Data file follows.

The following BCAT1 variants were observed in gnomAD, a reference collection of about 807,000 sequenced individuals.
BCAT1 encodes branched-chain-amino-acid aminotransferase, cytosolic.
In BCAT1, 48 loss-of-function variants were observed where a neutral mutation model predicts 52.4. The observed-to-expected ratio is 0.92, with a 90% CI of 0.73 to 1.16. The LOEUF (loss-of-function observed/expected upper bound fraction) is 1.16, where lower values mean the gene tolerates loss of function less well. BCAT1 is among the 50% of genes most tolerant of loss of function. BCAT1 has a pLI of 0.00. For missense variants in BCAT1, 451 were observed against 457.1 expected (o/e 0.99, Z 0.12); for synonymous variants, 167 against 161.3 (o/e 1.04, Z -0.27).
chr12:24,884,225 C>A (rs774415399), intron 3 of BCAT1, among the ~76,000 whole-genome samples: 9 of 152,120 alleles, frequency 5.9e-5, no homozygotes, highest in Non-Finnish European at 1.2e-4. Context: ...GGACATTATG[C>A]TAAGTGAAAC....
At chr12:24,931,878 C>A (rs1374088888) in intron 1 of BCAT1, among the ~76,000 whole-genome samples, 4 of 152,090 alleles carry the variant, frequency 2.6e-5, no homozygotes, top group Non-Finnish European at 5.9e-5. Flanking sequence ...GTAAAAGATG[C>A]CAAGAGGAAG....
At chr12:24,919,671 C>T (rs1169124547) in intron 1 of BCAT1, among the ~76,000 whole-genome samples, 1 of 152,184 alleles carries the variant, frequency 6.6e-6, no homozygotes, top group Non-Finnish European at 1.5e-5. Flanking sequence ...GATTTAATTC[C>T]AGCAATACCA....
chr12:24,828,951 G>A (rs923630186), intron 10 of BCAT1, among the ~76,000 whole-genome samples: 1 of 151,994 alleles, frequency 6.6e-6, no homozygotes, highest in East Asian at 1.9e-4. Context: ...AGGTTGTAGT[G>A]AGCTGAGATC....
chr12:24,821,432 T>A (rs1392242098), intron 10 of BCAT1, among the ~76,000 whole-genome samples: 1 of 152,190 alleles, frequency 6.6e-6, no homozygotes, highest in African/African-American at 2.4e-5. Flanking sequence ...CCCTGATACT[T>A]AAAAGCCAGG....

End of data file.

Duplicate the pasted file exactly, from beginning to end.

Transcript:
The following BCAT1 variants were observed in gnomAD, a reference collection of about 807,000 sequenced individuals.
BCAT1 encodes branched-chain-amino-acid aminotransferase, cytosolic.
In BCAT1, 48 loss-of-function variants were observed where a neutral mutation model predicts 52.4. The observed-to-expected ratio is 0.92, with a 90% CI of 0.73 to 1.16. The LOEUF (loss-of-function observed/expected upper bound fraction) is 1.16, where lower values mean the gene tolerates loss of function less well. BCAT1 is among the 50% of genes most tolerant of loss of function. BCAT1 has a pLI of 0.00. For missense variants in BCAT1, 451 were observed against 457.1 expected (o/e 0.99, Z 0.12); for synonymous variants, 167 against 161.3 (o/e 1.04, Z -0.27).
chr12:24,884,225 C>A (rs774415399), intron 3 of BCAT1, among the ~76,000 whole-genome samples: 9 of 152,120 alleles, frequency 5.9e-5, no homozygotes, highest in Non-Finnish European at 1.2e-4. Context: ...GGACATTATG[C>A]TAAGTGAAAC....
At chr12:24,931,878 C>A (rs1374088888) in intron 1 of BCAT1, among the ~76,000 whole-genome samples, 4 of 152,090 alleles carry the variant, frequency 2.6e-5, no homozygotes, top group Non-Finnish European at 5.9e-5. Flanking sequence ...GTAAAAGATG[C>A]CAAGAGGAAG....
At chr12:24,919,671 C>T (rs1169124547) in intron 1 of BCAT1, among the ~76,000 whole-genome samples, 1 of 152,184 alleles carries the variant, frequency 6.6e-6, no homozygotes, top group Non-Finnish European at 1.5e-5. Flanking sequence ...GATTTAATTC[C>T]AGCAATACCA....
chr12:24,828,951 G>A (rs923630186), intron 10 of BCAT1, among the ~76,000 whole-genome samples: 1 of 151,994 alleles, frequency 6.6e-6, no homozygotes, highest in East Asian at 1.9e-4. Context: ...AGGTTGTAGT[G>A]AGCTGAGATC....
chr12:24,821,432 T>A (rs1392242098), intron 10 of BCAT1, among the ~76,000 whole-genome samples: 1 of 152,190 alleles, frequency 6.6e-6, no homozygotes, highest in African/African-American at 2.4e-5. Flanking sequence ...CCCTGATACT[T>A]AAAAGCCAGG....